Security Features

Ringo leverages the security features of the Java virtual machine.

Policy Files

Using the -p or --policy command line option you can specify a policy file. Ringo will then enable JVM security features by installing a system-wide SecurityManager.

The policy file allows you to define fine-grained permissions depending on the source of the executing code. Thus, you can specify different permissions for different module or jar repositories, depending on your level of trust in the person providing the code.

Ringo comes with an example policy file located in lib/ringo.policy. It gives full permissions to Ringo's own code but limits the permissions for installed packages to the bare minimum required to run [Tusk], Jack, and most other packages.

Note how you can use ${} to reference java system properties. For example, use ${ringo.home} to refer to code resources located in your Ringo installation.


When the JVM security infrastructure checks whether an action is to be allowed or not, it examines the whole stack of currently executing code and looks for the least privileged piece of code running. The action is only allowed if each and every piece of code on the stack has the permission to execute it.

Let's look at an example to see how this works in practice. Let's assume your application runs code provided by untrusted users. You only give this code permission to access files within a sandbox:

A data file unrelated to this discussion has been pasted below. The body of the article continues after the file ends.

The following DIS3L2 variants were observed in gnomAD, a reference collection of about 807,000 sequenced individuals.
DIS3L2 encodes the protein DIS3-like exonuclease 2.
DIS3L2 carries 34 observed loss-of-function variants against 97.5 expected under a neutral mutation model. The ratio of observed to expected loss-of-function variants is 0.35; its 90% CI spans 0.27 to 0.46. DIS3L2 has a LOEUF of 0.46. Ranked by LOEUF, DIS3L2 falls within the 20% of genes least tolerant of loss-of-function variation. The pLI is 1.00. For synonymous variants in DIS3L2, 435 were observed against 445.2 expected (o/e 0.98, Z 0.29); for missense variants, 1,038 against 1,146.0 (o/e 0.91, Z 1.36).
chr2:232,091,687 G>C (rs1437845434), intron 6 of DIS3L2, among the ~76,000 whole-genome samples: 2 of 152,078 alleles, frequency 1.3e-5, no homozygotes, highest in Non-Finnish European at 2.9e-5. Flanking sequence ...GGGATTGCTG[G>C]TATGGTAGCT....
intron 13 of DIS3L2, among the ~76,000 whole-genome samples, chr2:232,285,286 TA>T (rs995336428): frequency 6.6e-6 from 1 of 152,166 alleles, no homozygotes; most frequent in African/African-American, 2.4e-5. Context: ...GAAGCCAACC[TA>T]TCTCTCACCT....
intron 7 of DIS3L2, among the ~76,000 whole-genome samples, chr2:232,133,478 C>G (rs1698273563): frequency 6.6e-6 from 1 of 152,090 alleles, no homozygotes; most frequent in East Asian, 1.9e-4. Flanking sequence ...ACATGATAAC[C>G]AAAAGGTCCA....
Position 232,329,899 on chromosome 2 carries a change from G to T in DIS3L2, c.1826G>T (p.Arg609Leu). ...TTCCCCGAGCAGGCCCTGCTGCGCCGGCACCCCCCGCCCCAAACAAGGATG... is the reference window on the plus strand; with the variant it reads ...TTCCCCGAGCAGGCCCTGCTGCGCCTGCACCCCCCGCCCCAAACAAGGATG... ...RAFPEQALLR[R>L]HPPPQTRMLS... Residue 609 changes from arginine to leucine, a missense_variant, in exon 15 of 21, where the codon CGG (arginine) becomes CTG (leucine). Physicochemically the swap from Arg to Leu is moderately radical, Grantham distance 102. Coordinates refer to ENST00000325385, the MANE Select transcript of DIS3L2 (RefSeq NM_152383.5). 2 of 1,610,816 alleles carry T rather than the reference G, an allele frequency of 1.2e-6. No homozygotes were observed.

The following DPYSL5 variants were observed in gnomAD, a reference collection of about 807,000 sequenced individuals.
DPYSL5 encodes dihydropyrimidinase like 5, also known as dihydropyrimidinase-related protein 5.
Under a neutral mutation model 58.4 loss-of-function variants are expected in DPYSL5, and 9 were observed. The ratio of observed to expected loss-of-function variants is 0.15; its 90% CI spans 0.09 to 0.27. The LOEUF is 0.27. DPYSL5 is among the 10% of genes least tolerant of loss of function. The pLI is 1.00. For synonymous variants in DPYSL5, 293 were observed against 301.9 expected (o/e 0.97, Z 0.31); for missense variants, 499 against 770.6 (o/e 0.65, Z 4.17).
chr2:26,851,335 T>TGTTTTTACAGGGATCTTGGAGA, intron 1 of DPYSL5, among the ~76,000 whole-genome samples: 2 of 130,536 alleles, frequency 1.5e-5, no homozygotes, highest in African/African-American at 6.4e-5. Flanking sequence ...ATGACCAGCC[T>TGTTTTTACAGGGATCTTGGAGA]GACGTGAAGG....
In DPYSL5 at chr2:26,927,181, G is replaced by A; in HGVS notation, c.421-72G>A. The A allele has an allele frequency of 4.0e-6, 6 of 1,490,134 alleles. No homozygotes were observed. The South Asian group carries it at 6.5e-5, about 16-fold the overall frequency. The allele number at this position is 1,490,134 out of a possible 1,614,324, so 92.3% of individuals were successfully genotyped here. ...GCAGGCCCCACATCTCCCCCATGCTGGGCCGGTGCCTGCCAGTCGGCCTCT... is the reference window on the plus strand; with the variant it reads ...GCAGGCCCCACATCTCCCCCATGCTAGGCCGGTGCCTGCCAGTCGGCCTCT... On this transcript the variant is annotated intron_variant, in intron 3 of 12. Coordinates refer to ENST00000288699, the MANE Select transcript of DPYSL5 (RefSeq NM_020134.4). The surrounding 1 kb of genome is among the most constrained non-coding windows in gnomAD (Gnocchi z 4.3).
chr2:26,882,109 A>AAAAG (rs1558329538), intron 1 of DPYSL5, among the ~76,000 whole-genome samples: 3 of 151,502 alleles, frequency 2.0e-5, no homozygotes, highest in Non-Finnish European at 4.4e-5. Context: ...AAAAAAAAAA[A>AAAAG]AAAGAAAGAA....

grant codeBase "/lib/untrusted/-" {
    permission java.io.FilePermission
            "/var/sandbox/-", "read,write,delete";

Now this code could use some trusted Ringo module like fs or rp to try to access files outside its sandbox. But because the security infrastructure considers the whole stack it will find the untrusted code as originator of the action and reject it.

Also, since the security manager spans the whole JVM, it doesn't matter if code tries to access a resource directly (e.g. through the file system API) or indirectly (say, trying to parse a template file).

Privileged Actions

Sometimes, trusted code may have to access a protected resource on behalf of untrusted code in order fulfil its job. For example, trusted code may have to consult a central configuration file that the code which triggered the activity may itself not have the permission to access.

For this case, Ringo provides the global privileged() function. It takes a single function object as argument and executes it with the permissions of the currently executing code, isolating it from possibly less trusted code in the call stack.

Of course, the privileged() function needs to be applied very carefully. It should only be used in a way that is fully controlled by the trusted code and not exposed to or parametrizable from untrusted outside code.

In a nutshell, using privileged() to access a specific (hard-coded) resource to act upon is generally OK, while using it to access a resource provided by calling code or returning the resource to calling code is usually not.